- Purchase polyethylene or polypropylene plastic page protectors with 3 holes punched for a notebook. These come in lots of formats and have ready made slots for photos, documents or… don’t let the scientific name of the plastic put you off. Here’s a tip- if the plastic doesn’t smell weird or toxic, its OK to use. All the page protectors that you can buy at the office supply stores are made of the right stuff and are OK to use. Don’t pay more for “acid free.” It’s a sales gimmick. ALL plastic, good or bad, is acid free by nature. Its an irrelevant term when buying page protectors. Don’t pay more. There’s really only one quality of page protector so if there are different prices, even if the sales hype is good, buy the lowest price pack.
2. Buy or recycle and old 3 ring binder notebook.
3. An quicker, easier option to steps 1 and 2… but more limited.. is to buy a ready made photo album from the warehouse stores. All the ones I’ve seen over the last few years have been of archival materials. You can get an album for about $10.00. See details on video.
4. Unceremoniously, slide the photos, letters, certificates into the page protectors.
5. If you have piles of stuff already separated by events or years or kid’s names, keep all the items together in the same notebook. Mix the different formats of page protectors as needed. Label as desired. Watch out and be careful for accidentally marking treasured photos and documents with permanent marking pens!
6. You may want to wear either cloth glove or surgical gloves… or at least keep your hands clean when handling stuff that came out of storage. Don’t pass around the dirty.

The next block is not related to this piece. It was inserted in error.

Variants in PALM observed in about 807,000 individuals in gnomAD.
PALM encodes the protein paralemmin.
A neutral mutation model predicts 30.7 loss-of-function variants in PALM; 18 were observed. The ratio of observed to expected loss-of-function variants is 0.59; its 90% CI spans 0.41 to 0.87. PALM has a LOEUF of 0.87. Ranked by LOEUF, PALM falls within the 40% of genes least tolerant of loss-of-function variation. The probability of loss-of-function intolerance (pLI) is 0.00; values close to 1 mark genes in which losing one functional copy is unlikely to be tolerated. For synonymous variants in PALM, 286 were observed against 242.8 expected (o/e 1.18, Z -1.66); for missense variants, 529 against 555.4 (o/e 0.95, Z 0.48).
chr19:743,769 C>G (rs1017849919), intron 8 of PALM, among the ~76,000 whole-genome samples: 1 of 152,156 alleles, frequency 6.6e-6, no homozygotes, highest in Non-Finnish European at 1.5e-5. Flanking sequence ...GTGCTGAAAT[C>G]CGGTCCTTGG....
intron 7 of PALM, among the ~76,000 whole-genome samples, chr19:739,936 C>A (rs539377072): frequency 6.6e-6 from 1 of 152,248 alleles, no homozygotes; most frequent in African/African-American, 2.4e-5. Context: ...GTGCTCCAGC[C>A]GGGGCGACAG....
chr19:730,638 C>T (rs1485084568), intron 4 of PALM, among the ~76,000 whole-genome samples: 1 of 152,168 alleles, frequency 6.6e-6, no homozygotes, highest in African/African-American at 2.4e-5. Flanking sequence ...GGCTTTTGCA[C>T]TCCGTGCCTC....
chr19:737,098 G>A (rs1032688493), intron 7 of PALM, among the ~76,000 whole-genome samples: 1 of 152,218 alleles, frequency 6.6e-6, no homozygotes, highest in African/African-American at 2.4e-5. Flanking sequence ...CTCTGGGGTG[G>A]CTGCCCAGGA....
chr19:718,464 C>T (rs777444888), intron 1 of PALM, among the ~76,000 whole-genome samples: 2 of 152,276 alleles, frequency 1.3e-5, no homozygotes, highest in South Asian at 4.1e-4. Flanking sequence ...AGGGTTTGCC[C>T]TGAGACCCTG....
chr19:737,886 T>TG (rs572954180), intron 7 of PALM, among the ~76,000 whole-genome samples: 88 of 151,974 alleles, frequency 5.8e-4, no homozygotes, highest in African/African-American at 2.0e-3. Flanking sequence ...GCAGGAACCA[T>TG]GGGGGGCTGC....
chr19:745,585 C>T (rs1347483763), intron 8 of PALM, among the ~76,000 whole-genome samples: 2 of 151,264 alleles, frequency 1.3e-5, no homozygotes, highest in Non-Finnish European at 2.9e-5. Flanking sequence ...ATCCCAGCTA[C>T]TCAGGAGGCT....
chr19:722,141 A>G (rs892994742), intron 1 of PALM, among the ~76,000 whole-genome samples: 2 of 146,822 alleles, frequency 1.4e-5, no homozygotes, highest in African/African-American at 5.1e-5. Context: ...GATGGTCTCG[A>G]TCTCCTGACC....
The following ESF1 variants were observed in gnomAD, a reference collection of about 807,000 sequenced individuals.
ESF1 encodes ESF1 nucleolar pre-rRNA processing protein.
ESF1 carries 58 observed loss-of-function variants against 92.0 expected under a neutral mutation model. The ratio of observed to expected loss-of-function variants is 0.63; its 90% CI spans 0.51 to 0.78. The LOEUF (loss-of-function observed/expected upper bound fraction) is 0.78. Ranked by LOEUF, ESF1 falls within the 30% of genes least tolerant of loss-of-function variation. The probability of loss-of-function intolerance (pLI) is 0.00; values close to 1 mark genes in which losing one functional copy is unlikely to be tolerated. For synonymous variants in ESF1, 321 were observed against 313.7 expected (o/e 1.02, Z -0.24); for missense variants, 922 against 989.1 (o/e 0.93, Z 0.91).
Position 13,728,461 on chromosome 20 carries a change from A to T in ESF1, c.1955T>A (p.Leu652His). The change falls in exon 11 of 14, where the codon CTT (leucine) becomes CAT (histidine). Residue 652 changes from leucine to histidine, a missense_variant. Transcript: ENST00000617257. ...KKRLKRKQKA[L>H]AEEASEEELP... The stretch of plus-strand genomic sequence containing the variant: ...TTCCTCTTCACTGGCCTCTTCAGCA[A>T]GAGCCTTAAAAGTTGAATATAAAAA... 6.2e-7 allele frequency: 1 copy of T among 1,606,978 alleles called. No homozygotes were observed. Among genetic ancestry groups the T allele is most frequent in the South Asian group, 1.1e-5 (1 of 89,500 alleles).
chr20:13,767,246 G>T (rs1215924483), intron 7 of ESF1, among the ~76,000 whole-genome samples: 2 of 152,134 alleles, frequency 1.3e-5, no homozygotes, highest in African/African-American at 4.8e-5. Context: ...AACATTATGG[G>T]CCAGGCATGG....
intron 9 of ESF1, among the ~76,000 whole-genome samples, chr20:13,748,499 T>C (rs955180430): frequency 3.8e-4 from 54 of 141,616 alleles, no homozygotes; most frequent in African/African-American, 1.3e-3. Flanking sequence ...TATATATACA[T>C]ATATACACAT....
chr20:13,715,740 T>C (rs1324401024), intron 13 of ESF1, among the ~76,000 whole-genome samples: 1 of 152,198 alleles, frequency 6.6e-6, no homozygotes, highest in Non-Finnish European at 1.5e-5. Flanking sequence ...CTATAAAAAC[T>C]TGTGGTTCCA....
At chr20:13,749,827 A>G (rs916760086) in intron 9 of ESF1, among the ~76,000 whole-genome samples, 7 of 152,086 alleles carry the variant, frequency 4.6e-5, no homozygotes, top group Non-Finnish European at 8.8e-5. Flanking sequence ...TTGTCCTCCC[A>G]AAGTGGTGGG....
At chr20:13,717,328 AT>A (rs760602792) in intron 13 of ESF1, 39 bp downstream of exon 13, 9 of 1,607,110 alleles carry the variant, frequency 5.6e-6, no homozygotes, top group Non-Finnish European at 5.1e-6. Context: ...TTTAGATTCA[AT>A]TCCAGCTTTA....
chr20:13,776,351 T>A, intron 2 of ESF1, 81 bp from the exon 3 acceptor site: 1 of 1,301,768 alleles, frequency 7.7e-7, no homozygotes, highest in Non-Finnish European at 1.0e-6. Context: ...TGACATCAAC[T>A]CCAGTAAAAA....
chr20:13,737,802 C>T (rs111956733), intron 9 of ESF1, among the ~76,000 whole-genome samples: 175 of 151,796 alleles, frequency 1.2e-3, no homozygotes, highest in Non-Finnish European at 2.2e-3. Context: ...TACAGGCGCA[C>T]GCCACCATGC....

7. Is anything moldy?! Wear a cheap mask with a carbon filter (buy one from a home supply and construction supply house.
You don’t even have to spread your stuff all over the room to see what you have in order to organize them. You can take them from their bad storage and put them, almost without looking at them, into their new archival storage. Very cool and quick.
Your done! But what is next? Copy valuable documents? More attractive storage for “show and tell”? Labeling and organizing? Some preservation methods? Whatever you choose to do, all of these next items on your “To Do” list will be much easier now that you have completed this necessary 1st step. And your items are much safer now too! You are better organized and you can leaf through the notebook(s) and easily see what you have.
Here’s a quick 4 minute video to go through it all with you visually:
There are many, many testimonials of how Scott Haskins’ book, How To Save Your Stuff From A Disaster has helped them..
“As a self-help book it is the ultimate manual… This is a must have for anyone who prizes the family’s photo, papers etc. … even without a home disaster.” Juanita Thinnes, Past Pres. Friends of the Historic Mission Inn, Riverside, California and genealogist.
Get a copy today… or download just a chapter…
How To Save Your Stuff From A Disaster
www.saveyourstuffblog.com (free downloads too!)